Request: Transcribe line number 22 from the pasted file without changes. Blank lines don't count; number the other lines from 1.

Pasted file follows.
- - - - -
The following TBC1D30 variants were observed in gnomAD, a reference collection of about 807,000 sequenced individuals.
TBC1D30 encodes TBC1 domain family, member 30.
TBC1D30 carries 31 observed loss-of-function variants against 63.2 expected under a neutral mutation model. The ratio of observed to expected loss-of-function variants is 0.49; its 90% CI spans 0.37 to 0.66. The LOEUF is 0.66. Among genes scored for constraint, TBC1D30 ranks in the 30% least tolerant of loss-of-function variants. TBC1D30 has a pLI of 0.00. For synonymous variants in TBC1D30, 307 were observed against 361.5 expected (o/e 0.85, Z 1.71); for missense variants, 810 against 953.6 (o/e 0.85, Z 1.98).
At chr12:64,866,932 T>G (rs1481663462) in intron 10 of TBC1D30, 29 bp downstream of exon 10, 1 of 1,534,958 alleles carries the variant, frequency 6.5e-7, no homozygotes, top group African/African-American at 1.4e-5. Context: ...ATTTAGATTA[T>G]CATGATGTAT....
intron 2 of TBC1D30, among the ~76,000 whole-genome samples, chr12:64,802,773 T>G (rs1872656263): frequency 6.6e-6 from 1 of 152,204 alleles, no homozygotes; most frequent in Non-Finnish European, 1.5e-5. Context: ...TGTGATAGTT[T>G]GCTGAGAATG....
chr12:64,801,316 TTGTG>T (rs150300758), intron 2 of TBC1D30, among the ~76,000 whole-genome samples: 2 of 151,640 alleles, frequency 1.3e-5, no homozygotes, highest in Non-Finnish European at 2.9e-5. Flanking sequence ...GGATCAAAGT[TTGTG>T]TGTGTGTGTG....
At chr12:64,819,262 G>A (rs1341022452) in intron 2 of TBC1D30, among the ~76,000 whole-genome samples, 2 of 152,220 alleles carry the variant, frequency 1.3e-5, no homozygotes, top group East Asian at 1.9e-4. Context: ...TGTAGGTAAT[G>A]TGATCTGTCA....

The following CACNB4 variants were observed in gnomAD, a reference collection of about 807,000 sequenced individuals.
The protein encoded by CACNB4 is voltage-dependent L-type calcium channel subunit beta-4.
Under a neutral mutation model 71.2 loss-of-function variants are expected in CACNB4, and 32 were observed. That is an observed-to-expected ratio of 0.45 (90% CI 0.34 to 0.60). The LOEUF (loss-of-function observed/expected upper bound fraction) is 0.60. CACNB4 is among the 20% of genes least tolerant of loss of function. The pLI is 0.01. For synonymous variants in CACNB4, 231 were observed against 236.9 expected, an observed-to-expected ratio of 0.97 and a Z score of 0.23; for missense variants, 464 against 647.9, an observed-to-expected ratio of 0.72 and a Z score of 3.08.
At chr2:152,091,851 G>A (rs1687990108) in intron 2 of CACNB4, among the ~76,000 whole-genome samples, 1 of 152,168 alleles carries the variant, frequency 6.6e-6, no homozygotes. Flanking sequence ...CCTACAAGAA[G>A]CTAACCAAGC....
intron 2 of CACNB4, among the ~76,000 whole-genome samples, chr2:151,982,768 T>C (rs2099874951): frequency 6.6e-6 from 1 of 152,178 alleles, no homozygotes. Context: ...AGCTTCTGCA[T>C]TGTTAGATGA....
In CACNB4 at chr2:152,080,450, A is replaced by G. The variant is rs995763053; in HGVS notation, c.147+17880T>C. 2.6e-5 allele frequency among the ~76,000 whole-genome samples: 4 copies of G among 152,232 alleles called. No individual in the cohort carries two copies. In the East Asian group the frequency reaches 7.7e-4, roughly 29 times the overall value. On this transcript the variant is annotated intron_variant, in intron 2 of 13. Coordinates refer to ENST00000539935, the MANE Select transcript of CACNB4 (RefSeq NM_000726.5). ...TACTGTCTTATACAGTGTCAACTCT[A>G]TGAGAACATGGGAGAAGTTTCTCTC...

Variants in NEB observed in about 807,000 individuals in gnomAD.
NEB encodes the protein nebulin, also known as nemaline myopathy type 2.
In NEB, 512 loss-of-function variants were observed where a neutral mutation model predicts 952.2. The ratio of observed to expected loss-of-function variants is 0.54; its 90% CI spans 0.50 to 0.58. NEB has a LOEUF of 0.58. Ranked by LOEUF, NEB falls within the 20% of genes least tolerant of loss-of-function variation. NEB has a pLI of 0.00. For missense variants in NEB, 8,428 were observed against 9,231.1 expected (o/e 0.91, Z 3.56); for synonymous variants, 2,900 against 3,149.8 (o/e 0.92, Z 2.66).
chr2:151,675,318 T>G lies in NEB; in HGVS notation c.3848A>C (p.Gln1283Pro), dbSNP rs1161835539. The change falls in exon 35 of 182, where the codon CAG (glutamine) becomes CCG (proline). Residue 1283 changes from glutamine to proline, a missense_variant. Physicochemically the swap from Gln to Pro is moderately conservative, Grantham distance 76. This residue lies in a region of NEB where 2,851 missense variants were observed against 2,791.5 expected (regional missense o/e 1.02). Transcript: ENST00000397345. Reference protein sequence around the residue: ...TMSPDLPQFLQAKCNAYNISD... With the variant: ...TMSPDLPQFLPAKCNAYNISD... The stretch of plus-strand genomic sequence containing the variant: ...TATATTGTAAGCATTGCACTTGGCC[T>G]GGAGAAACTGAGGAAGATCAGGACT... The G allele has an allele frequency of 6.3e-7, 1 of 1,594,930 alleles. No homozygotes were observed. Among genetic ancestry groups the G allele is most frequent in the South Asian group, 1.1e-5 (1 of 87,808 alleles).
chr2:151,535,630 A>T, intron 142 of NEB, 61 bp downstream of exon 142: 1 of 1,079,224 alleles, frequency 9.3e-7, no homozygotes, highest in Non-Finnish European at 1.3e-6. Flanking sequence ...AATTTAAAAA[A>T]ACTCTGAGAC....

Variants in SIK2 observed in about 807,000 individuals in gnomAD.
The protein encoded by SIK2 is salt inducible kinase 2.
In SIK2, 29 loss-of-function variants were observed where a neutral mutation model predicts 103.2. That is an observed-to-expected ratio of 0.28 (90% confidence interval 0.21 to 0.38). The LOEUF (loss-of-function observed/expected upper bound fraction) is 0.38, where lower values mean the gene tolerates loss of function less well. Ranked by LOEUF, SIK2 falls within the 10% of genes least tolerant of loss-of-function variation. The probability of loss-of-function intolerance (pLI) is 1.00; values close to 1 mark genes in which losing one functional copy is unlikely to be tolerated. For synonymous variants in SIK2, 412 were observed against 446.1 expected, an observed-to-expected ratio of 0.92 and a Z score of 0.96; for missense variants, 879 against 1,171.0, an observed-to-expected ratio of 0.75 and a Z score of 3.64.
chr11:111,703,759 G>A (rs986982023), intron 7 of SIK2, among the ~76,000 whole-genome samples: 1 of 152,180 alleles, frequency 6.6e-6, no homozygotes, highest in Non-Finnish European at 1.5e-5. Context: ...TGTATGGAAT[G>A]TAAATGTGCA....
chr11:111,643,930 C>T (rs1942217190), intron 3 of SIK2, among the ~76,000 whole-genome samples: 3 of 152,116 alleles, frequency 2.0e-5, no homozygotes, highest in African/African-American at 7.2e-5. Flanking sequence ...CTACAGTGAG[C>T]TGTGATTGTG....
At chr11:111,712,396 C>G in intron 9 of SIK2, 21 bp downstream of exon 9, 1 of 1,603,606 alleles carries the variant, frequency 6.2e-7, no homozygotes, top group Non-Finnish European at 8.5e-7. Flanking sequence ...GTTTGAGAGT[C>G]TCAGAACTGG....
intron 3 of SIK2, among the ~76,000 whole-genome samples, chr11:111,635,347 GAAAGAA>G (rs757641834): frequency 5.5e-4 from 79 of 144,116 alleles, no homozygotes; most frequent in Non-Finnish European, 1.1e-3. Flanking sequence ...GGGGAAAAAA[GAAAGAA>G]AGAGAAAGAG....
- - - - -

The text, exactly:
chr11:111,703,759 G>A (rs986982023), intron 7 of SIK2, among the ~76,000 whole-genome samples: 1 of 152,180 alleles, frequency 6.6e-6, no homozygotes, highest in Non-Finnish European at 1.5e-5. Context: ...TGTATGGAAT[G>A]TAAATGTGCA....